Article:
Provide an evidence-based rationale for the selected medication using at least one scholarly reference. Textbooks may be used for additional references but are not the primary reference.
List any side effects or adverse effects associated with the medication.
Include any required diagnostic testing. State the time frame for this testing (testing is before medication initiation or q 3 months, etc.). Includes normal results range for any listed laboratory tests.
Provide a minimum of three appropriate medication-related teaching points for the client and/or family.
Integration of Evidence: Integrate relevant scholarly sources as defined by program expectations:
Cite a scholarly source in the initial post.
Cite a scholarly source in one faculty response post.
Cite a scholarly source in one peer post.
Accurately analyze, synthesize, and/or apply principles from evidence with no more than one short quote (15 words or less) for the week.
Include a minimum of two different scholarly sources per week. Cite all references and provide references for all citations.
Engagement in Meaningful Dialogue: Engage peers and faculty by asking questions, and offering new insights, applications, perspectives, information, or implications for practice.
Peer Response: Respond to at least one peer on a topic other than the initially assigned topic.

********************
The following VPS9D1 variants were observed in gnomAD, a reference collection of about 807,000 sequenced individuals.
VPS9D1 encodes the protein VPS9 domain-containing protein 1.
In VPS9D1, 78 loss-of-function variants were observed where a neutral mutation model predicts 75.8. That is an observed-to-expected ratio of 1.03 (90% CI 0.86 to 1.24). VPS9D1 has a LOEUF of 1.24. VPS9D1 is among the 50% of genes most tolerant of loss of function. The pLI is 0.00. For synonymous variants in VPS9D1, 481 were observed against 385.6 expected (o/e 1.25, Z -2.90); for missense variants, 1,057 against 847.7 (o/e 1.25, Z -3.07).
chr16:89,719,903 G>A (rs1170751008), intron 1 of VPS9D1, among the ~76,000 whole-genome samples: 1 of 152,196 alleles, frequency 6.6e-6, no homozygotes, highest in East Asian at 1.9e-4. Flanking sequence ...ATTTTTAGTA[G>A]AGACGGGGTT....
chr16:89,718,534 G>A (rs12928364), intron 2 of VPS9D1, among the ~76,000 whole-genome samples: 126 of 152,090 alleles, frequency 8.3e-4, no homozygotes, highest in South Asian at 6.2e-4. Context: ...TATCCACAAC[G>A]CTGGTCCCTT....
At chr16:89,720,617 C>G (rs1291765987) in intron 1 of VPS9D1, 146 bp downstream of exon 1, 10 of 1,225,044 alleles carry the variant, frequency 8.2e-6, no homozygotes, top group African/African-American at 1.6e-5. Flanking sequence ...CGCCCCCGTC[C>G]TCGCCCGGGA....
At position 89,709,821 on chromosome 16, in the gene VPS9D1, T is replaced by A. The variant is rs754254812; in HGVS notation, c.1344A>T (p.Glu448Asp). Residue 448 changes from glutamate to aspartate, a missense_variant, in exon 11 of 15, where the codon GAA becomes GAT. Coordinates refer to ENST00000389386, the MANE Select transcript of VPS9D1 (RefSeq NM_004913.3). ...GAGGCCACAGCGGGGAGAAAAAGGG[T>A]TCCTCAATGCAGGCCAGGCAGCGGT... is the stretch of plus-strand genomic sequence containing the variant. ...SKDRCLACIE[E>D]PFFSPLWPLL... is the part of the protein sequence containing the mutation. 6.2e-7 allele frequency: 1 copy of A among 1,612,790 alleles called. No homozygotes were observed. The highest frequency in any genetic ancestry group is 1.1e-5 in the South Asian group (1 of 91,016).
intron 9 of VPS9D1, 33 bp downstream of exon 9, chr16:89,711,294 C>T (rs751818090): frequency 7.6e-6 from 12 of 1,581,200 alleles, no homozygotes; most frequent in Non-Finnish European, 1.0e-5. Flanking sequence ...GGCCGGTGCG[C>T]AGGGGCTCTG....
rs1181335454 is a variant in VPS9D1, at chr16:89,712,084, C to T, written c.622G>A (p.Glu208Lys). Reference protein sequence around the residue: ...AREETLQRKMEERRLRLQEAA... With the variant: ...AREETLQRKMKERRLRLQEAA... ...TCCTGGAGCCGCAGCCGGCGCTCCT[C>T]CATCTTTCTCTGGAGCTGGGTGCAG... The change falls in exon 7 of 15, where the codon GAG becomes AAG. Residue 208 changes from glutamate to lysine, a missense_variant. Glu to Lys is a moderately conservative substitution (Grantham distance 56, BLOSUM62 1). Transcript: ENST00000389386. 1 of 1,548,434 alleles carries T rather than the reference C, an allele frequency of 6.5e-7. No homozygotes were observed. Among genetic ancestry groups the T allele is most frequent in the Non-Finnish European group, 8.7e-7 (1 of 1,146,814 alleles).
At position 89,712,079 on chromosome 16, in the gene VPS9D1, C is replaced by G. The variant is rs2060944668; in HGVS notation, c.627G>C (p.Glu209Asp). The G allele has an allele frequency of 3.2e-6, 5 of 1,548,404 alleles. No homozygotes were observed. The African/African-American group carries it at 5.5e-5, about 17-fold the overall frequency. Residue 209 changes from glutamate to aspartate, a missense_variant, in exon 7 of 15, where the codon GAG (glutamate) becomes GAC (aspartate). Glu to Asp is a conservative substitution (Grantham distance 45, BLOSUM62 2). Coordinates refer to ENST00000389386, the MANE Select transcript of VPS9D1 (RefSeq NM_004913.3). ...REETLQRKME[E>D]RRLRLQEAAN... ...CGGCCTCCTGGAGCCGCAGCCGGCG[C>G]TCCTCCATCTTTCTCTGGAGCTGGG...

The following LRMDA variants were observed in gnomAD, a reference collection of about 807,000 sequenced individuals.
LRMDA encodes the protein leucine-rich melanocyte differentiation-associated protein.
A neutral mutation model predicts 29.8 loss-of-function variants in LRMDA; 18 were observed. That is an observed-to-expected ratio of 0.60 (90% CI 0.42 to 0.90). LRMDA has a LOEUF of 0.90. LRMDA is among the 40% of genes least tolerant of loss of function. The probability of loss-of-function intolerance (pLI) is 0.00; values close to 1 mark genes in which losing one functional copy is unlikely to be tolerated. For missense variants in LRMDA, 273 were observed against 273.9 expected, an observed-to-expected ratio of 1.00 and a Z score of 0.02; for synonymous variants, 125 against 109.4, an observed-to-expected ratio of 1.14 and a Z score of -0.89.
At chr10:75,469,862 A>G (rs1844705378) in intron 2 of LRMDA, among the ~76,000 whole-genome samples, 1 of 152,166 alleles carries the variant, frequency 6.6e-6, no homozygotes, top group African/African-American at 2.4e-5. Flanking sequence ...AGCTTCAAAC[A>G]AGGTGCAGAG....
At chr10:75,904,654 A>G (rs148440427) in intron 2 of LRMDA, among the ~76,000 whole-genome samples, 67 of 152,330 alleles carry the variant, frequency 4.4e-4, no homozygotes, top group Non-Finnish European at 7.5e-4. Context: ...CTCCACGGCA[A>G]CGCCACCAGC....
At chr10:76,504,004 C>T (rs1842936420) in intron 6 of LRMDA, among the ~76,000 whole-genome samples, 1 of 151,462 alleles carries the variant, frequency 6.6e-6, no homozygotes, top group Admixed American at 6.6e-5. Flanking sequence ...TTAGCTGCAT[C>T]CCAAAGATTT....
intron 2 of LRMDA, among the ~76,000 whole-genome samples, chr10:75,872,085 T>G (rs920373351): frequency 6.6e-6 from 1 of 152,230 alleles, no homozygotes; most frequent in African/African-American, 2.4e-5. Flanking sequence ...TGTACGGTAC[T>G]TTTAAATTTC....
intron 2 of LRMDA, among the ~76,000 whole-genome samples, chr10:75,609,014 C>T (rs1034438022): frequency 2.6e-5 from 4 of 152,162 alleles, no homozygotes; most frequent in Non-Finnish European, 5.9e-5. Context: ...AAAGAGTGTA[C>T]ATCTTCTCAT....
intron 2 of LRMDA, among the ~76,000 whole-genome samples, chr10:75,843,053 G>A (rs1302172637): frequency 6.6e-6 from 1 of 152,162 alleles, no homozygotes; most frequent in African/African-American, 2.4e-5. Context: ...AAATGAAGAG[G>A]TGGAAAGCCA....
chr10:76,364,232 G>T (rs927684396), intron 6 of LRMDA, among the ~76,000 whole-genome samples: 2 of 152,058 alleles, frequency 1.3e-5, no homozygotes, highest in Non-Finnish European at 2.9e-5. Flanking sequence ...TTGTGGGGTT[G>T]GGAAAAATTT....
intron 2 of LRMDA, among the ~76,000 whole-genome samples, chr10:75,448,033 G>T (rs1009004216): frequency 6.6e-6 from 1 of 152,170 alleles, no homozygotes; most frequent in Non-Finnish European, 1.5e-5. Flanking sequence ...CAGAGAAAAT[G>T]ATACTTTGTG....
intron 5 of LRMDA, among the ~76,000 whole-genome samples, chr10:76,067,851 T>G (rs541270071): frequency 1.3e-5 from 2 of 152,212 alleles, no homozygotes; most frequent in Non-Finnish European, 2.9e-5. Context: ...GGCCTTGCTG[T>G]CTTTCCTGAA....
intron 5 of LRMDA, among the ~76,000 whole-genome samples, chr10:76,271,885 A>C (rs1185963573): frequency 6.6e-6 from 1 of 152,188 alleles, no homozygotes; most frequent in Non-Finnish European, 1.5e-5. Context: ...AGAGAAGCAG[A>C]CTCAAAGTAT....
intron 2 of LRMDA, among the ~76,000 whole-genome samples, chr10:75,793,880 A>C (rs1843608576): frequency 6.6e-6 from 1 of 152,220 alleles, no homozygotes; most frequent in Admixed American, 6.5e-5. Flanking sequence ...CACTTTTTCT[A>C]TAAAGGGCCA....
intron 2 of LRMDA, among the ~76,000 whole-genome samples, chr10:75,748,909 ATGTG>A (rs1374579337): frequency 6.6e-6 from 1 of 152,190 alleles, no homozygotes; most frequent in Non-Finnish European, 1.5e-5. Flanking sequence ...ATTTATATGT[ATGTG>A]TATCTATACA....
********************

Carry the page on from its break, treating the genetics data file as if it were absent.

Faculty Response: Respond to at least one faculty post.
Communicate using respectful, collegial language and terminology appropriate to advanced nursing practice.
Professionalism in Communication: Communicate with minimal errors in English grammar, spelling, syntax, and punctuation.
Reference Citation: Use current APA format to format citations and references and is free of errors.
Wednesday Participation Requirement: Provide a substantive response to the graded discussion topic (not a response to a peer or faculty), by Wednesday, 11:59 p.m. MT of each week.
Total Participation Requirement: Provide at least three substantive posts (one to the initial question or topic, one to a student peer, and one to a faculty question) on two different days during the week.

Application of Course Knowledge:

In this case study, we are presented with a 25-year-old Latino male who has been referred for a psychiatric evaluation due to presenting symptoms indicative of depression. His chief complaint is his self-identified possibility of being depressed. The client’s history of present illness reveals that he has been experiencing increasing depressive symptoms over the past three months, which are closely associated with stressors such as unemployment, financial strain, and the need to quickly sell his home due to inability to afford the mortgage.

His symptoms include a depressed mood, low energy, anhedonia, poor concentration, loneliness, low self-esteem, hopelessness, and weight loss. The client also reports difficulties with sleep onset and maintenance, anxiety, restlessness, difficulty making decisions, and self-isolation. These symptoms are significantly impeding his ability to seek new employment and prepare his home for sale.

Past psychiatric history indicates that this is the client’s first contact with a mental health provider. Past Medical History is unremarkable. Family History includes a mother with a lifelong history of depression. The client’s Social History is marked by living alone, being single, and not having any friends. He consumes alcohol occasionally but does not use marijuana or illicit drugs. He has completed one year of college education. The client’s Trauma History reveals that he was bullied during middle school due to language difficulties, but there are no reports of nightmares or flashbacks.